Shared Motor Scooter Company Revel to Expand Into Brooklyn and Queens
Brooklyn-based Revel will dramatically expand the footprint of its rentable electric motorcycles through Brooklyn and into Queens, company bigwigs announced on Wednesday.
Just 68 of the electric-powered scooters launched in Brooklyn last summer as part of a nine-month pilot. Now, the owners of the Bushwick-based transportation company say 1,000 more of the peppy roadsters are hitting the streets in the two boroughs.
“We have seen our mopeds become an important part of riders’ routines and an integrated part of the transit landscape,” said Paul Suhey, the co-founder of Revel, which prefers the term “mopeds,” even though their vehicles have no pedals or any other manner of human propulsion. “Expanding to 1,000 mopeds across Brooklyn and Queens will help even more New Yorkers meet their transportation needs. Revel is here to stay in New York City.”
During the pilot program, users could only start and end their rides in Bushwick, Williamsburg and Greenpoint — but now they’ll be able to hop on and off in 20 neighborhoods, according to Suhey and his co-founder Frank Reig. (A map on the company website indicates all of Brooklyn above Prospect Park and the very western (and gentrifying) edge of western Queens. It’s a zone familiar to frustrated borough Citi Bike users.)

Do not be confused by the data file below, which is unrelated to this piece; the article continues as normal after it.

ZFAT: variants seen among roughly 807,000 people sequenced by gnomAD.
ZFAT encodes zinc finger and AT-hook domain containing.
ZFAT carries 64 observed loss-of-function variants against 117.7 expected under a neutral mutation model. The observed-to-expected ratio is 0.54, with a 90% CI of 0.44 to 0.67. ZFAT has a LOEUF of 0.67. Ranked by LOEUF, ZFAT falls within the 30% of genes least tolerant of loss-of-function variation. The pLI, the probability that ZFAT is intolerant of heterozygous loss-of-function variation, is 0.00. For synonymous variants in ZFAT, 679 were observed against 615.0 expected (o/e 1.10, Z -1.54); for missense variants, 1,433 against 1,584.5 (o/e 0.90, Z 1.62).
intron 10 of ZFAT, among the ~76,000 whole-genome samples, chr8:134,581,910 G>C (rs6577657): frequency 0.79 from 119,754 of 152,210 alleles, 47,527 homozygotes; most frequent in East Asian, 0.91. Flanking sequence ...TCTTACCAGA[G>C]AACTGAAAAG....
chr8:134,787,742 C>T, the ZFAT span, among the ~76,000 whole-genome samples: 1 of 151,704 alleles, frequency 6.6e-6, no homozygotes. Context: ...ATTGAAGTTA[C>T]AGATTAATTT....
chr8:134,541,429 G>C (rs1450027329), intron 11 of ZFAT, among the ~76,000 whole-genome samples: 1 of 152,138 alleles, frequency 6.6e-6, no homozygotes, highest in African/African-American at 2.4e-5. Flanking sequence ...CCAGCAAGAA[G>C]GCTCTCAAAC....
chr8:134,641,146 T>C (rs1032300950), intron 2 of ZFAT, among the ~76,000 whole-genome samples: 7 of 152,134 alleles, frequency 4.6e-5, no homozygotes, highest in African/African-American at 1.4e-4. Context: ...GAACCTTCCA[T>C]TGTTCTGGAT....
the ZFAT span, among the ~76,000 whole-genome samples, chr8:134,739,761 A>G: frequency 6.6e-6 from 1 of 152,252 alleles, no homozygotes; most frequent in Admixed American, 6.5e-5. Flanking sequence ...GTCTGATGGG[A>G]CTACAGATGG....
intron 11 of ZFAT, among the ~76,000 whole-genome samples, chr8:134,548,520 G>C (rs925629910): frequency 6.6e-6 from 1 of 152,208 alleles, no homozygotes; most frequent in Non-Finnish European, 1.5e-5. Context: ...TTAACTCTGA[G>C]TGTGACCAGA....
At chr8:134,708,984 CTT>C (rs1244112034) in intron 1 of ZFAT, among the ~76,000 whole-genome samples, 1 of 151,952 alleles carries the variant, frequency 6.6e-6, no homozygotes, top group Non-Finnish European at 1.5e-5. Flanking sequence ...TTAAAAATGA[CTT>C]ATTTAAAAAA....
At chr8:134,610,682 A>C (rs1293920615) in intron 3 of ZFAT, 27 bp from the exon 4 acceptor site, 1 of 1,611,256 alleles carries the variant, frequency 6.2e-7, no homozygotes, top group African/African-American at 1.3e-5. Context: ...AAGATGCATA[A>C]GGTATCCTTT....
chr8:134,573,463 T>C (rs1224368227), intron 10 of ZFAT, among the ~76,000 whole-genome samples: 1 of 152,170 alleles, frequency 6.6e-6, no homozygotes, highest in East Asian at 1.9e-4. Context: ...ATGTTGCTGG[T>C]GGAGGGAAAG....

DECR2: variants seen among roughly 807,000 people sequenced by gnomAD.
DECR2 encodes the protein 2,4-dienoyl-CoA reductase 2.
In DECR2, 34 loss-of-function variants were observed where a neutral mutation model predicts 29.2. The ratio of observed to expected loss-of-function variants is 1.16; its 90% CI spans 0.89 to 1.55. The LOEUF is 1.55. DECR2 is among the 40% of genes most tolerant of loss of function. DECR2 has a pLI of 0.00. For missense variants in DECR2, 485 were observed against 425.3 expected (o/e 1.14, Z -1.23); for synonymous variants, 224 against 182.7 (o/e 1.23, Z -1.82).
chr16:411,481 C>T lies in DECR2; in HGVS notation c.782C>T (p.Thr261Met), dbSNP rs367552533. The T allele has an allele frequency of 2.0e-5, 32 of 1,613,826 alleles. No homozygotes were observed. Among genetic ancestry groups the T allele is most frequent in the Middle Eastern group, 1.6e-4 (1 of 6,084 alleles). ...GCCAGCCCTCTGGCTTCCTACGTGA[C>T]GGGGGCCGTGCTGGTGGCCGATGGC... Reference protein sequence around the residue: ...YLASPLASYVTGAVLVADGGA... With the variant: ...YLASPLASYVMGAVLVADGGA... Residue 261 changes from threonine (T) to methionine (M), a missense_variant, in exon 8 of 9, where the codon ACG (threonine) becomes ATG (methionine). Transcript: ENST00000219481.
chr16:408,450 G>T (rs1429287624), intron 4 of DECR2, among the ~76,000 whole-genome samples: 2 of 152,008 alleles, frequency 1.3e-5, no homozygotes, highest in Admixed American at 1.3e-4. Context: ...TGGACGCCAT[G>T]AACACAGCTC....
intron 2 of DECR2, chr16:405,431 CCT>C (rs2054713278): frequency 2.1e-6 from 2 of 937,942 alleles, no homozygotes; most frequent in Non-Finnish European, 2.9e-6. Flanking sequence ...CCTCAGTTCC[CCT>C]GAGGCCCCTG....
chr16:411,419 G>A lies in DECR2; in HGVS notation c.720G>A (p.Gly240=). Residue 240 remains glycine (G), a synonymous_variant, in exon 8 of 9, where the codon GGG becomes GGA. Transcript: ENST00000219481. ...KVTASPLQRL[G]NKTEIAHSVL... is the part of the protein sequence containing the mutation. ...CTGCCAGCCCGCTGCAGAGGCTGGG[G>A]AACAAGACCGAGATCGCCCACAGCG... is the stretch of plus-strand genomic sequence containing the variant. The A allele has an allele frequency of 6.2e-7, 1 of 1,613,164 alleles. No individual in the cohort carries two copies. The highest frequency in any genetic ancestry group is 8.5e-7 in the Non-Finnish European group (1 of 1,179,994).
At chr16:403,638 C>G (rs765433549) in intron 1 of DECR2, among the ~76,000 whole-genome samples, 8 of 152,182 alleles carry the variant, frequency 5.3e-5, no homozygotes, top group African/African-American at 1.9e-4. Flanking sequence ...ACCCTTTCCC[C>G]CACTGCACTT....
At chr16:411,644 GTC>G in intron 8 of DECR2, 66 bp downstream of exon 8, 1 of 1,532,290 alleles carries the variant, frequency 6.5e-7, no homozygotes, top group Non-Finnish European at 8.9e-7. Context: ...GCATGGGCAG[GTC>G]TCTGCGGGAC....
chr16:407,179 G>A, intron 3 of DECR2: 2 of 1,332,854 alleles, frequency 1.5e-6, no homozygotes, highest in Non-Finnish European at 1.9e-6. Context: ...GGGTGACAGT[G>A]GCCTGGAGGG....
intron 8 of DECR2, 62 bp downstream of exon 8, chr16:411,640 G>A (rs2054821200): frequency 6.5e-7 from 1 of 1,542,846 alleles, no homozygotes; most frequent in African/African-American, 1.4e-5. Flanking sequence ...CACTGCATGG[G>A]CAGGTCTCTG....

Revel is swapping out its pilot vehicles for newer ones that can hold a passenger. The company is also offering an upgraded payment system — after registering your driver’s license on the app for a one-time $19 fee, riders unlock the nearest bike for $1 (or $2 if with a passenger) and then 25 cents per minute after that. The first minute is free so riders can get used to the machine and fasten their helmets. Pausing the ride costs 10 cents per minute, the founders said.
Revel scooters are not illegal throttle-powered e-bikes, which Mayor de Blasio still insists are dangerous despite the city’s own data to prove otherwise. Rather, Revels are legally allowed to ride along with traffic because they have a license plate, meaning they are registered with New York State. And the company carries insurance. The machines do not exceed 29 miles per hour, the company said. The rental system is more like a Car2Go car share than, say, Citi Bike because of the insurance and state vehicular registration.
But just because they’re legal, doesn’t mean they’re easy — this reporter got to test a Revel out last year and nearly plowed into the company’s rep to avoid hitting a parked truck. Company officials do say on the website that the throttle is “sensitive.”